J.R. and Henry: Just make it stop | Rock Candy

J.R. and Henry: Just make it stop

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Just make it stop.

 This is beyond ridiculous. Earlier this week we wrote about the distractions off the field related to the book “The Year of the Dog” by Kurt Voigt. That’s where we thought it would stop. We offered coach Nutt some advice about how to get out in front of this problem and, for the better of the State, the team and its fans. But we also, cautiously suggested that if coach Nutt couldn’t do what needed to be done then perhaps it was time to step aside for the good of everyone.

 On Tuesday, rumors swirled around message boards about a meeting involving three prominent Springdale players, their parents and athletic director Frank Broyles. This morning, we woke up to a story on the front page of the Arkansas Democrat Gazette about this very meeting. Bob Holt confirmed the meeting and Rick Cleveland, father of Ben Cleveland, went on the record about its substance.

Parents, players, Broyles?  For goodness sakes, people. What the hell is going on in Fayetteville? 

Here’s the story, so far as we can surmise:  Malzahn, as we know, was hired to help revitalize Arkansas’s pitiful offense, which ranked 11th and 12th in passing the two years before. As part of the recruiting process, Mitch Mustain and the rest of the Springdale Three (Cleveland and Damian Williams) were all promised that Arkansas’s offense would look like the offense orchestrated by Gus Malzahn when all were at Springdale. Cleveland and Williams withdraw their commitments to the University of Florida and pledge to come to Arkansas. Mustain commits to Arkansas, de-commits and then eventually signs with the Razorbacks. They all play, Arkansas wins, but the offense stays pretty much the same.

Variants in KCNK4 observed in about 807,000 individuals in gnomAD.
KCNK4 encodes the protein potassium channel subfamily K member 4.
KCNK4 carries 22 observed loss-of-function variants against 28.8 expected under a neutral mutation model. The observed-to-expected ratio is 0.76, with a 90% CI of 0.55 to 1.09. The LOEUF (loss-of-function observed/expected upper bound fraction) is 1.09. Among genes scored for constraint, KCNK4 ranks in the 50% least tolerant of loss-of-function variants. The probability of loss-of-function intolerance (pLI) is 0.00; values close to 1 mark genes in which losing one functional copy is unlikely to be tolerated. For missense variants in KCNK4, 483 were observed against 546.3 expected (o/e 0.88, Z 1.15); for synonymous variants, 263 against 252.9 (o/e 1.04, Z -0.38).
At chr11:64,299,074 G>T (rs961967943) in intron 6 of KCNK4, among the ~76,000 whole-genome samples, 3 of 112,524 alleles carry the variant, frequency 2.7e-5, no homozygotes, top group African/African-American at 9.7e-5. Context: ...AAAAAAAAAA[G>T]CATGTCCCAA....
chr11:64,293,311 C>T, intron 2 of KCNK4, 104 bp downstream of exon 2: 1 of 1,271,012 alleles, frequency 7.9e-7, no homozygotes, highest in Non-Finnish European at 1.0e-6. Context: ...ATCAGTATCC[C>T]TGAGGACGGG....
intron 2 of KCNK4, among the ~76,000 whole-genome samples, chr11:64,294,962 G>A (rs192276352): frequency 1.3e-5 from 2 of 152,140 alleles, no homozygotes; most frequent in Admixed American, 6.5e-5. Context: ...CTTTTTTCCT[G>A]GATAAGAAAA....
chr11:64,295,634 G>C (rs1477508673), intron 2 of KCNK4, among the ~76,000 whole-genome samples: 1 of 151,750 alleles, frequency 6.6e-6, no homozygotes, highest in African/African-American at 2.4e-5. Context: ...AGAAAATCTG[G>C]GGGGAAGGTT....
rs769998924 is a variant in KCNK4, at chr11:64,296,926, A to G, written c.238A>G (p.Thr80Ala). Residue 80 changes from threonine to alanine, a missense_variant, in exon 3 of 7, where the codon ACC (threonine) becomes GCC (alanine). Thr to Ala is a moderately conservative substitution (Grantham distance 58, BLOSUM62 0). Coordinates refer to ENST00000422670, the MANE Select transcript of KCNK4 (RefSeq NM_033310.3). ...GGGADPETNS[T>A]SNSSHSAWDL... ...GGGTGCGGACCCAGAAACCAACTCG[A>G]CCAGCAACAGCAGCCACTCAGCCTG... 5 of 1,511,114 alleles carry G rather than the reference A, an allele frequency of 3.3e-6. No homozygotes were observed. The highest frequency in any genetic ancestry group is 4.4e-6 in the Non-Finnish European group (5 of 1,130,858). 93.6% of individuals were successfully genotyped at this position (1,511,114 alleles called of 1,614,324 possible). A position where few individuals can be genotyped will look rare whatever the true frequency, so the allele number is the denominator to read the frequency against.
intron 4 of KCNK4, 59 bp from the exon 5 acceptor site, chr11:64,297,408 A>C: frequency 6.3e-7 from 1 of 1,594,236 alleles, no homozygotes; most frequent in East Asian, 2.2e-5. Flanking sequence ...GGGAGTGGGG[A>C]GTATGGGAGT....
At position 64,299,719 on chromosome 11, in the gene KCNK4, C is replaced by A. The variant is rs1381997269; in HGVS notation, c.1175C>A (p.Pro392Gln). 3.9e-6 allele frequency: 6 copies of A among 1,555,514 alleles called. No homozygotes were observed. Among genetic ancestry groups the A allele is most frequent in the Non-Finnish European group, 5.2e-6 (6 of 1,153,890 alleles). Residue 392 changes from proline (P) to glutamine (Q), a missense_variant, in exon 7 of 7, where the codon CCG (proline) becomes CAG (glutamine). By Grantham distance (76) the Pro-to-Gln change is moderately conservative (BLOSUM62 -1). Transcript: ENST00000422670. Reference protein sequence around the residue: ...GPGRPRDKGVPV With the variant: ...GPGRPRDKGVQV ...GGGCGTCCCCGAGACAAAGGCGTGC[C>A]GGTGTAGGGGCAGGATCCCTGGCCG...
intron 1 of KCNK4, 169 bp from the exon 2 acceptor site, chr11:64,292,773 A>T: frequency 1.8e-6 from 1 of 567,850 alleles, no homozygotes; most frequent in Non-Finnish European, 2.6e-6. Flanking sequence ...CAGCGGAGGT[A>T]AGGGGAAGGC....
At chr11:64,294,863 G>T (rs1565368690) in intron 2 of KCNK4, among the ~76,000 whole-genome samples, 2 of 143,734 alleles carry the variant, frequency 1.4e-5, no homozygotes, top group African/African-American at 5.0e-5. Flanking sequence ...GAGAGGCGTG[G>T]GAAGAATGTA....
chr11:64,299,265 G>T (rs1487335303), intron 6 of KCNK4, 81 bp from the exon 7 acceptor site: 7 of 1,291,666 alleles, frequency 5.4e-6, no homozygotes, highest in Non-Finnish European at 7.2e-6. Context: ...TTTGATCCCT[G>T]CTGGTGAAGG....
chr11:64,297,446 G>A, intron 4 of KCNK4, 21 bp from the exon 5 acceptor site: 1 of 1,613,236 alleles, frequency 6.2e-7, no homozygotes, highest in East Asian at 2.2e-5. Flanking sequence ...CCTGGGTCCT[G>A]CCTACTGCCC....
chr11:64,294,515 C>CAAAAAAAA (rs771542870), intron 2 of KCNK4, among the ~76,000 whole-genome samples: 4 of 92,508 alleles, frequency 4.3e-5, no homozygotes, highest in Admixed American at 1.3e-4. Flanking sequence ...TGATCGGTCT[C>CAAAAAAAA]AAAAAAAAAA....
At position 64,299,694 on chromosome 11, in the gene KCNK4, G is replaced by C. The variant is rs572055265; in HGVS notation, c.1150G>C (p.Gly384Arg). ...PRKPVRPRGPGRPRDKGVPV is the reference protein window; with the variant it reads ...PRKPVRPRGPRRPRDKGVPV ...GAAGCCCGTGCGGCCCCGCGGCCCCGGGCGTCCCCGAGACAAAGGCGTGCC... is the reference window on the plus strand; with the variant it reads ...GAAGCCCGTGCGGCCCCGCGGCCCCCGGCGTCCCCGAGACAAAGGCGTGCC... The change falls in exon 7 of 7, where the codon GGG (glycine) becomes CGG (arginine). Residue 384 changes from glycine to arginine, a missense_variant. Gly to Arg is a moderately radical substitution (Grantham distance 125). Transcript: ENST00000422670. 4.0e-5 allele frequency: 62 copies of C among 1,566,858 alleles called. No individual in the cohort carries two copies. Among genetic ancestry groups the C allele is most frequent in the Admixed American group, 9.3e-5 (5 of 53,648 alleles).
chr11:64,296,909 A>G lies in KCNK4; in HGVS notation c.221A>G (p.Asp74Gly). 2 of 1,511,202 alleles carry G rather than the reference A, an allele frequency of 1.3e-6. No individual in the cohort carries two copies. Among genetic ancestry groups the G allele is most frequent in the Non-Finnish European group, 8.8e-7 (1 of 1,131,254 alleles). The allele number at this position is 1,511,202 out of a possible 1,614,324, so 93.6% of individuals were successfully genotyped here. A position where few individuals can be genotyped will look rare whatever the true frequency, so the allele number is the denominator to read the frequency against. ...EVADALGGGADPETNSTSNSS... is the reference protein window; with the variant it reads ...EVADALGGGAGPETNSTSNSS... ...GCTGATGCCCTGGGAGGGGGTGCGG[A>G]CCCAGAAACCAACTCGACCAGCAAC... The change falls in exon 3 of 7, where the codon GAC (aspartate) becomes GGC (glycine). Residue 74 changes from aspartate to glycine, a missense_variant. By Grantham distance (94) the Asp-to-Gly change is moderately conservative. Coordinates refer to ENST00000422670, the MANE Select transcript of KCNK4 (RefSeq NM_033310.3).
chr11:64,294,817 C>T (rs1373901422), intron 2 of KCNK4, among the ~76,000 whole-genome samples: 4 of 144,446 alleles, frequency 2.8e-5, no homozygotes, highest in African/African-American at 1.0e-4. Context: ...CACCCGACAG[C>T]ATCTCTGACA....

And therein lies the rub.

These players were upset because they were promised one thing and received another.  Ok, we’ll give you that. After all, if it is true that these players came to Arkansas in reliance upon Nutt’s promises that Malzahn would have control the offense and that it would open up, then yes, they should be upset.

If, upon completion of the regular season, these players, sans momma and daddy, went to Nutt and expressed their concern we’d still think everything was fine. And if, after that conversation, these players determined that they could be better players elsewhere and left, that too would be fine. At least there would have been respect and courtesy coming from all sides. And at least these players would have acted like adults.

But none of that happened. Instead, the parents of these players, along with their sons, trotted into Broyles’ office and expressed their concern. 

And what a poor, poor decision that was.  As a result of this meeting, the parents have destroyed their sons’ credibility with the fans, the coaches and their teammates. They’ve made them look like whiners instead of the winners.

Hey, parents, this isn’t pee-wee football or even Springdale High School football. If your sons were unhappy then they, and not you, should have talked to the coach. If after talking to the coach, they still were unhappy, then they should have left and played elsewhere. It’s not as if they would have been the first players to leave a program.